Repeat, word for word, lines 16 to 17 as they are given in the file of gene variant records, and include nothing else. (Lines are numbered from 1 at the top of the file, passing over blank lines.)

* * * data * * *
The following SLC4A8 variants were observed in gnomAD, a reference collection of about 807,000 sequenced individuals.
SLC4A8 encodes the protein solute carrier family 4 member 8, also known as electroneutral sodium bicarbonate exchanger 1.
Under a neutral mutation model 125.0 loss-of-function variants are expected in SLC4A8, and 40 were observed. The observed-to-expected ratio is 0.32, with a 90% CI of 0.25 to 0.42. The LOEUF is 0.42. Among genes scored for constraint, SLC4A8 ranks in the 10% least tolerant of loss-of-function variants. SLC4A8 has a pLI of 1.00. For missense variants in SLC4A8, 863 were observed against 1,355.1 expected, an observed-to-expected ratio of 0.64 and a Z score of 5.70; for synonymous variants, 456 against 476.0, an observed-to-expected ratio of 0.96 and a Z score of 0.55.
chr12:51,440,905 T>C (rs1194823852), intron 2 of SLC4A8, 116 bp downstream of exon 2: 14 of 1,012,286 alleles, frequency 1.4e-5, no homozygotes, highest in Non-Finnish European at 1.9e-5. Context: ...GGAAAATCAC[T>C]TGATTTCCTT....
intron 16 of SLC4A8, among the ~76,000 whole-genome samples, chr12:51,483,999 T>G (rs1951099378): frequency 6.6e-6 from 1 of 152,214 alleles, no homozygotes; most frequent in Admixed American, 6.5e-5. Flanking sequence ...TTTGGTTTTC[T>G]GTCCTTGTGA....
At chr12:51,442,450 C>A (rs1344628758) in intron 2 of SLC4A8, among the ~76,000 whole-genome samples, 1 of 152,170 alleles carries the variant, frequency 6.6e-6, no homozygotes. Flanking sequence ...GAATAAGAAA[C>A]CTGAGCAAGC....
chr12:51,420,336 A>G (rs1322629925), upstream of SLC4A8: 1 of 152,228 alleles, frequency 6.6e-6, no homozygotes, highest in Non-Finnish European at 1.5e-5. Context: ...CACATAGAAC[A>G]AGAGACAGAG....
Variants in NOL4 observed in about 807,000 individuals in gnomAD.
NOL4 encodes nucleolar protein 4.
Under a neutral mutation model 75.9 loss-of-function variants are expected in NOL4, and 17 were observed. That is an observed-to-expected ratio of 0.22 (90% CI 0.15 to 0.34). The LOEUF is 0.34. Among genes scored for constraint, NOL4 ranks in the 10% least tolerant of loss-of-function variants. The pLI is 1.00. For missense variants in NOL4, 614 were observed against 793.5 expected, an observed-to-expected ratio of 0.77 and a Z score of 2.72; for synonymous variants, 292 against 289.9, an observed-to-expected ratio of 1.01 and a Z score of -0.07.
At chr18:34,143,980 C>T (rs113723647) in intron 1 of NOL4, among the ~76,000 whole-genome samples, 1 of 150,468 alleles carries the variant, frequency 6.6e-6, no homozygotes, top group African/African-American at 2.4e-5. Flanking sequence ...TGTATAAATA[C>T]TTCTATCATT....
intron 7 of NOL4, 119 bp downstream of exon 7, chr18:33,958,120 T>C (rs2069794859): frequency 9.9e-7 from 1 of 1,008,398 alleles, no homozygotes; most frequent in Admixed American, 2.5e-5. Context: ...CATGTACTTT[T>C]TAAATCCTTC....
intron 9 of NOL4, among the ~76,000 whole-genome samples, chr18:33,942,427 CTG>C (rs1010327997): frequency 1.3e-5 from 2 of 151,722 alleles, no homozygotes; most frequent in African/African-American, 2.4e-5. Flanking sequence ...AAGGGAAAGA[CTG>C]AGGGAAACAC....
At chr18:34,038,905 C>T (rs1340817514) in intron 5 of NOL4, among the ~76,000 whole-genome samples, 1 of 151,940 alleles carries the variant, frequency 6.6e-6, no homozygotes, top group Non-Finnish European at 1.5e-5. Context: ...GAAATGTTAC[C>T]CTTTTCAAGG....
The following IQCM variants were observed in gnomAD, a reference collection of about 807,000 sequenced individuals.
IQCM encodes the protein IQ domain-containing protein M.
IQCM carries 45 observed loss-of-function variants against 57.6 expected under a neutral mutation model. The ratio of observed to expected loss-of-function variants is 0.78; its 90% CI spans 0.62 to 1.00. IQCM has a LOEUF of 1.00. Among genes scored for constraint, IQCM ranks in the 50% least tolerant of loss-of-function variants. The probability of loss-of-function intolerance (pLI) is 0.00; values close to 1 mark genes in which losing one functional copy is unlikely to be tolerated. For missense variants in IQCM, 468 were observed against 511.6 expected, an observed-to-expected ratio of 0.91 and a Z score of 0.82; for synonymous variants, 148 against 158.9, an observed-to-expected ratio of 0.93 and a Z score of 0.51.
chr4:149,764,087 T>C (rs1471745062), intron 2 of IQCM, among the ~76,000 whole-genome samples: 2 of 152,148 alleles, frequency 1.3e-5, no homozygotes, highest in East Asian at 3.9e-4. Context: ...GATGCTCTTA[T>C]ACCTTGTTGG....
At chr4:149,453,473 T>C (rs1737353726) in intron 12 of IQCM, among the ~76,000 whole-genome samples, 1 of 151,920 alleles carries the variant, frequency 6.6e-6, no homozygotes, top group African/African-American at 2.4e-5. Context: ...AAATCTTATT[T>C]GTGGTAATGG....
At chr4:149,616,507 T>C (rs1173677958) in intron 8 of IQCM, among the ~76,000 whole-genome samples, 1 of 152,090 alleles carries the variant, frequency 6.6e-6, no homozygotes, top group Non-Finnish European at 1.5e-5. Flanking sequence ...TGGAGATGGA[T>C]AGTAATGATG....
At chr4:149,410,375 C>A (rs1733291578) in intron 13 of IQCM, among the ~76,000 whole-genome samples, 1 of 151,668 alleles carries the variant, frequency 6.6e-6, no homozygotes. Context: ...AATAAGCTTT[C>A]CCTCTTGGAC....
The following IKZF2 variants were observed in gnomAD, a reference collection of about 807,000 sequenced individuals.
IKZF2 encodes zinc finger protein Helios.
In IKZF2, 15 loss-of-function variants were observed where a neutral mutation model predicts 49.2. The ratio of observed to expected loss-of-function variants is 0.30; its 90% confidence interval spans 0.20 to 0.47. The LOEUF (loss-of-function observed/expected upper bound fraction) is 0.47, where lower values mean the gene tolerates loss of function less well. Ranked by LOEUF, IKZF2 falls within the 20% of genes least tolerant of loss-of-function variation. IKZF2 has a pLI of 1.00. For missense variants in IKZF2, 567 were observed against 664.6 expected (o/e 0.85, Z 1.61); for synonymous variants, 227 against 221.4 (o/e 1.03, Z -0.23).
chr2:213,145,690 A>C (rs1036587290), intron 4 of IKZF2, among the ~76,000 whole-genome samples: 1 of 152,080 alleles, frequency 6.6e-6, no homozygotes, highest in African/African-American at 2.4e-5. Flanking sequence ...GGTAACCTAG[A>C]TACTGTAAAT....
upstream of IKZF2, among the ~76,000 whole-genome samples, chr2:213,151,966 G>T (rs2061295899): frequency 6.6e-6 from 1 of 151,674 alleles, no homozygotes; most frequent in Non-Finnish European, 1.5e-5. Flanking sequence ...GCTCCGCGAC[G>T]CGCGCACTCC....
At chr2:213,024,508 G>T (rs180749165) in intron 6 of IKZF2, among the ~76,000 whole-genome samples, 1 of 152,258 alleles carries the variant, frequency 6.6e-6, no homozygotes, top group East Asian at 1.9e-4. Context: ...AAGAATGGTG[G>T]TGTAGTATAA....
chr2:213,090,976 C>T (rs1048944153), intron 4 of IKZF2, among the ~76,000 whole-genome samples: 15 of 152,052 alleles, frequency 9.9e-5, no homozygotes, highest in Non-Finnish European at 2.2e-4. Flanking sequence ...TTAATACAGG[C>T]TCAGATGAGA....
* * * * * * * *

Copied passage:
IQCM encodes the protein IQ domain-containing protein M.
IQCM carries 45 observed loss-of-function variants against 57.6 expected under a neutral mutation model. The ratio of observed to expected loss-of-function variants is 0.78; its 90% CI spans 0.62 to 1.00. IQCM has a LOEUF of 1.00. Among genes scored for constraint, IQCM ranks in the 50% least tolerant of loss-of-function variants. The probability of loss-of-function intolerance (pLI) is 0.00; values close to 1 mark genes in which losing one functional copy is unlikely to be tolerated. For missense variants in IQCM, 468 were observed against 511.6 expected, an observed-to-expected ratio of 0.91 and a Z score of 0.82; for synonymous variants, 148 against 158.9, an observed-to-expected ratio of 0.93 and a Z score of 0.51.